Amazon.com Sues College Stores Association Over Textbook Ads

Amazon.com Inc. (AMZN), the biggest online retailer, sued for a court order declaring that its advertised discounts of 30 percent on new college textbooks and 90 percent on used ones aren’t false or misleading.

Amazon sued the National Association of College Stores Inc. today in federal court in Seattle, saying the trade group is trying to prevent it from advertising lower prices. The association filed a complaint in March with the Better Business Bureau in New York calling Amazon’s claims false and misleading, the online retailer said in its filing.

The lawsuit is the latest skirmish over sales practices at Seattle-based Amazon, which got its start in 1995 as an online bookseller. After Amazon introduced the Kindle digital reader in 2007, publishers complained that it was selling electronic books at a loss to gain market share. In a move to mollify publishers, the company last year agreed to give them some digital pricing control.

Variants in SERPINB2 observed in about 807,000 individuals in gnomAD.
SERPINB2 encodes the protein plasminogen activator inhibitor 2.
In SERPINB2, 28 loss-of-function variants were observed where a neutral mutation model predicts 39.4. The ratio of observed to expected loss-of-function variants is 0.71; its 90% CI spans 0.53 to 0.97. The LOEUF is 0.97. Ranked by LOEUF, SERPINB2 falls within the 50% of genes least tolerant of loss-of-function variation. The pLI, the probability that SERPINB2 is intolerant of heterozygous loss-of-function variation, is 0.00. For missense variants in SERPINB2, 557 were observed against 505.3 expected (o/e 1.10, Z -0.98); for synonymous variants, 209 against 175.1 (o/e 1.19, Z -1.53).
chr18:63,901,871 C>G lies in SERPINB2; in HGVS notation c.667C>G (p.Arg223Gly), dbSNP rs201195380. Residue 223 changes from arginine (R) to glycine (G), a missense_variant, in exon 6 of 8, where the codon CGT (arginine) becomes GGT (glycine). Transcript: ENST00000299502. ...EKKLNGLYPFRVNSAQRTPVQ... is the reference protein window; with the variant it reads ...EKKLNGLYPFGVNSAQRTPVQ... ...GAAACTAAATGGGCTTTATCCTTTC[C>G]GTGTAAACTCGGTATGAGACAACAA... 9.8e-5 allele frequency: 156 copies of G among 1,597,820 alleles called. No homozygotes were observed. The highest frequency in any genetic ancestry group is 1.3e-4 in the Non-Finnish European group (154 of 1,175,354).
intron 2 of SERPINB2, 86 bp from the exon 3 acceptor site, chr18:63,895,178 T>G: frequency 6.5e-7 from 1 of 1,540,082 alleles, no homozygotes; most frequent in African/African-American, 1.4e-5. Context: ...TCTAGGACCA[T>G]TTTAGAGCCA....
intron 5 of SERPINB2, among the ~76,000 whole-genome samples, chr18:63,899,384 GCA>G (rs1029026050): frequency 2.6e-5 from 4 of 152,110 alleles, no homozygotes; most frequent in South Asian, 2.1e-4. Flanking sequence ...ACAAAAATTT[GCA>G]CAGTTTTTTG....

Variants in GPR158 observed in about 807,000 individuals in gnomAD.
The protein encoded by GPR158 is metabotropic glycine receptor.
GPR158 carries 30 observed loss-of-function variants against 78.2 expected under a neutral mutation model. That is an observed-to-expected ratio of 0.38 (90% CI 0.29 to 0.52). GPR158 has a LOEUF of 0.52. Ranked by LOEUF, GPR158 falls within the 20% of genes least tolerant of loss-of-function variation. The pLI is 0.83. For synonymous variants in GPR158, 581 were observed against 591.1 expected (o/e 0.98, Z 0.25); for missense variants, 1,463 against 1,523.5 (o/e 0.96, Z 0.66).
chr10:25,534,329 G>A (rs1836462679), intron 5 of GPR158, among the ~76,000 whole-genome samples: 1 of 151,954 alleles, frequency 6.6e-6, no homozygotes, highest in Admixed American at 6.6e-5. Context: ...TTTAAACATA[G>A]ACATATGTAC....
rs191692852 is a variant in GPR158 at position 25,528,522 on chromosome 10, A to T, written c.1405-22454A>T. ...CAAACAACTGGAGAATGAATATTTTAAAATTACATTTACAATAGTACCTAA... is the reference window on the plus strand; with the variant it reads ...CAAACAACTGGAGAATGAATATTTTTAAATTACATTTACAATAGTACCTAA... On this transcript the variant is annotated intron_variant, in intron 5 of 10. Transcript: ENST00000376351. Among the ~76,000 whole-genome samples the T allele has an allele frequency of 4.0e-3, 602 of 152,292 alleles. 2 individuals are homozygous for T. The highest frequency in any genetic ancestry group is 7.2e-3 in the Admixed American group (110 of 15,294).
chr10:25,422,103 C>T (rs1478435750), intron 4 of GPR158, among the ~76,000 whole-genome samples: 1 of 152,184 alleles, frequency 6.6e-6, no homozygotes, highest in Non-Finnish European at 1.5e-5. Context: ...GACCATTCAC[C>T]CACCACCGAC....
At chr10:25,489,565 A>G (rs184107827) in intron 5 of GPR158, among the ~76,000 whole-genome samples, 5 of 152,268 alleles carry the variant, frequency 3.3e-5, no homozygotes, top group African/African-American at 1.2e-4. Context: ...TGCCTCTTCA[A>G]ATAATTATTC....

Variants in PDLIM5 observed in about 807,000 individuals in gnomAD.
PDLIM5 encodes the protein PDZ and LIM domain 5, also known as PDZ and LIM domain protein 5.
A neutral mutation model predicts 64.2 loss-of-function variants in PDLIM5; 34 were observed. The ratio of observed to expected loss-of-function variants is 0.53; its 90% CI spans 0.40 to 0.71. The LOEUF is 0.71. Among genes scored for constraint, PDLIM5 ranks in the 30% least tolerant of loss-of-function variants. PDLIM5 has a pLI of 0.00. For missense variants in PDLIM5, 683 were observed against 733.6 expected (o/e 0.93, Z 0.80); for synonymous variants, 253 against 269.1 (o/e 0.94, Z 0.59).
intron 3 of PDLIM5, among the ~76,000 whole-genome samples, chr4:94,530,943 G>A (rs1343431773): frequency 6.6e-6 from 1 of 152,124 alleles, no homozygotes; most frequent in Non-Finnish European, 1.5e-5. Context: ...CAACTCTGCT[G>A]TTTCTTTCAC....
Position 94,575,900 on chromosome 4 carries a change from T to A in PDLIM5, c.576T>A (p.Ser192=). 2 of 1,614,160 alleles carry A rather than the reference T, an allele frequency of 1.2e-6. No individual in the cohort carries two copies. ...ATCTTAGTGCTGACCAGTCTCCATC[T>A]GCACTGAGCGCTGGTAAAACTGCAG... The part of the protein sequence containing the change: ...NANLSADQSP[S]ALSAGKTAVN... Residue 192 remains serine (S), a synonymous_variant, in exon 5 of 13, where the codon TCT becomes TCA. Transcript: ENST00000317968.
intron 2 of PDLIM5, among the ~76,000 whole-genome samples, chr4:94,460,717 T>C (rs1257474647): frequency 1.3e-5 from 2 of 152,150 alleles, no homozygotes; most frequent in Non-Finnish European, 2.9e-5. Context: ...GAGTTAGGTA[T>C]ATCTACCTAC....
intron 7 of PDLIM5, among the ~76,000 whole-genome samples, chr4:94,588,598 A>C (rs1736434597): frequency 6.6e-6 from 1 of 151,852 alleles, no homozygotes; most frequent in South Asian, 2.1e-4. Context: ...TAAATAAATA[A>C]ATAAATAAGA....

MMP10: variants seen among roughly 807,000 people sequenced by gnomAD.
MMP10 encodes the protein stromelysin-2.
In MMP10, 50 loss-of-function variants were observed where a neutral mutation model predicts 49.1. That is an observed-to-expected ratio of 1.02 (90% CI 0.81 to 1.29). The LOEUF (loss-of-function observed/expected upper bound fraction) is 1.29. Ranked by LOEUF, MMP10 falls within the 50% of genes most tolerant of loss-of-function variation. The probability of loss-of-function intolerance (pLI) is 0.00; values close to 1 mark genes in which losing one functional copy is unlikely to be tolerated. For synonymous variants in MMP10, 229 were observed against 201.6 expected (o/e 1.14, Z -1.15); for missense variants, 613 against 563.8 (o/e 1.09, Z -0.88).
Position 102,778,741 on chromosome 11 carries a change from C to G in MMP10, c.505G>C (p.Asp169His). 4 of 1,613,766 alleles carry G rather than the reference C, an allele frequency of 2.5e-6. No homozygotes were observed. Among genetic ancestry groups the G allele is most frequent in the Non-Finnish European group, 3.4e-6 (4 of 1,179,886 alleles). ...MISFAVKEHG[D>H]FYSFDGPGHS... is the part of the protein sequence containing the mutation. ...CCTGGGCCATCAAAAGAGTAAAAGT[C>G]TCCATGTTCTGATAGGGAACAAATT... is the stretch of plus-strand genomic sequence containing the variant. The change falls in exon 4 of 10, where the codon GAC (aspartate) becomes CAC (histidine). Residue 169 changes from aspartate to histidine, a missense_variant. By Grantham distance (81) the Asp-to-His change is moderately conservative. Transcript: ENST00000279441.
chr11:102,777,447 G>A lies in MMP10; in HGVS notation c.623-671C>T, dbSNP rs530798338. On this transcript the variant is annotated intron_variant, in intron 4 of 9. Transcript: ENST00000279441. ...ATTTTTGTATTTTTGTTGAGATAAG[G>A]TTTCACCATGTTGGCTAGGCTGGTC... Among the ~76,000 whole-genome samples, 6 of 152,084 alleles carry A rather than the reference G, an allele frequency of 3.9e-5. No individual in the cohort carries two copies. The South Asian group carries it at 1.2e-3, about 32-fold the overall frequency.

Charles Schmidt, a spokesman for the Oberlin, Ohio-based National Association of College Stores, had no immediate comment. Mary Osako, a spokeswoman for Amazon, declined to comment.

Amazon’s complaint seeks an order that its textbook price claims don’t violate the Lanham Act, which prohibits false advertising and trademark infringement.

The case is Amazon.com v. National Association of College Stores Inc., 11-754, U.S. District Court, Western District of Washington (Seattle).

To contact the reporters on this story: Karen Gullo in San Francisco federal court at kgullo@bloomberg.net; Joseph Galante in San Francisco at jgalante3@bloomberg.net.

To contact the editors responsible for this story: Michael Hytha at mhytha@bloomberg.net; Tom Giles at tgiles5@bloomberg.net

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